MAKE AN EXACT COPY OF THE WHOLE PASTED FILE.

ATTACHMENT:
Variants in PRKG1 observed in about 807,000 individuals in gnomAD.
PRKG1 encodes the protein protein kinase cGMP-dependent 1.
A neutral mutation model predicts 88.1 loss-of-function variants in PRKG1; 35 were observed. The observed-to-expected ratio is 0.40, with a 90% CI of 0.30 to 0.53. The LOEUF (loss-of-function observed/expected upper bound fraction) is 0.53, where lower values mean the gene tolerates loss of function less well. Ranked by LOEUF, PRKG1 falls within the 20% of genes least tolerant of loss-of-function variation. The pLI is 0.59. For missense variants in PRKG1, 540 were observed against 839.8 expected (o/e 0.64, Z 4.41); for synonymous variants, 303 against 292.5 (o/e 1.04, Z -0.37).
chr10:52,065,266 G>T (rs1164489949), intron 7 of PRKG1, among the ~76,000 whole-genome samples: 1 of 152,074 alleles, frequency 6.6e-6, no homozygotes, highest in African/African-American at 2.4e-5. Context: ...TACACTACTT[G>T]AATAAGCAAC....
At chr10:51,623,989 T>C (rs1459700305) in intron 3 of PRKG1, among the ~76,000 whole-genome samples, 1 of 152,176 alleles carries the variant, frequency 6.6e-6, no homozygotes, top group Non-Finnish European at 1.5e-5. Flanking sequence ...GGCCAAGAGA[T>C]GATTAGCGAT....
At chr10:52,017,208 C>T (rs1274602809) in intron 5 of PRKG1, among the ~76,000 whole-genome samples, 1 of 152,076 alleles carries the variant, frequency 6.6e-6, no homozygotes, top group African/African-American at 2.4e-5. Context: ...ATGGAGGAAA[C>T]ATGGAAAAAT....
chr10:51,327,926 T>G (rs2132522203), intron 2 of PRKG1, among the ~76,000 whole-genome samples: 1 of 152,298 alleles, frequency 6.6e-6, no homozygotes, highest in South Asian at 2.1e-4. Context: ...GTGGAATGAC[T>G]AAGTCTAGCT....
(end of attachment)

Variants in PRKG1 observed in about 807,000 individuals in gnomAD.
PRKG1 encodes the protein protein kinase cGMP-dependent 1.
A neutral mutation model predicts 88.1 loss-of-function variants in PRKG1; 35 were observed. The observed-to-expected ratio is 0.40, with a 90% CI of 0.30 to 0.53. The LOEUF (loss-of-function observed/expected upper bound fraction) is 0.53, where lower values mean the gene tolerates loss of function less well. Ranked by LOEUF, PRKG1 falls within the 20% of genes least tolerant of loss-of-function variation. The pLI is 0.59. For missense variants in PRKG1, 540 were observed against 839.8 expected (o/e 0.64, Z 4.41); for synonymous variants, 303 against 292.5 (o/e 1.04, Z -0.37).
chr10:52,065,266 G>T (rs1164489949), intron 7 of PRKG1, among the ~76,000 whole-genome samples: 1 of 152,074 alleles, frequency 6.6e-6, no homozygotes, highest in African/African-American at 2.4e-5. Context: ...TACACTACTT[G>T]AATAAGCAAC....
At chr10:51,623,989 T>C (rs1459700305) in intron 3 of PRKG1, among the ~76,000 whole-genome samples, 1 of 152,176 alleles carries the variant, frequency 6.6e-6, no homozygotes, top group Non-Finnish European at 1.5e-5. Flanking sequence ...GGCCAAGAGA[T>C]GATTAGCGAT....
At chr10:52,017,208 C>T (rs1274602809) in intron 5 of PRKG1, among the ~76,000 whole-genome samples, 1 of 152,076 alleles carries the variant, frequency 6.6e-6, no homozygotes, top group African/African-American at 2.4e-5. Context: ...ATGGAGGAAA[C>T]ATGGAAAAAT....
chr10:51,327,926 T>G (rs2132522203), intron 2 of PRKG1, among the ~76,000 whole-genome samples: 1 of 152,298 alleles, frequency 6.6e-6, no homozygotes, highest in South Asian at 2.1e-4. Context: ...GTGGAATGAC[T>G]AAGTCTAGCT....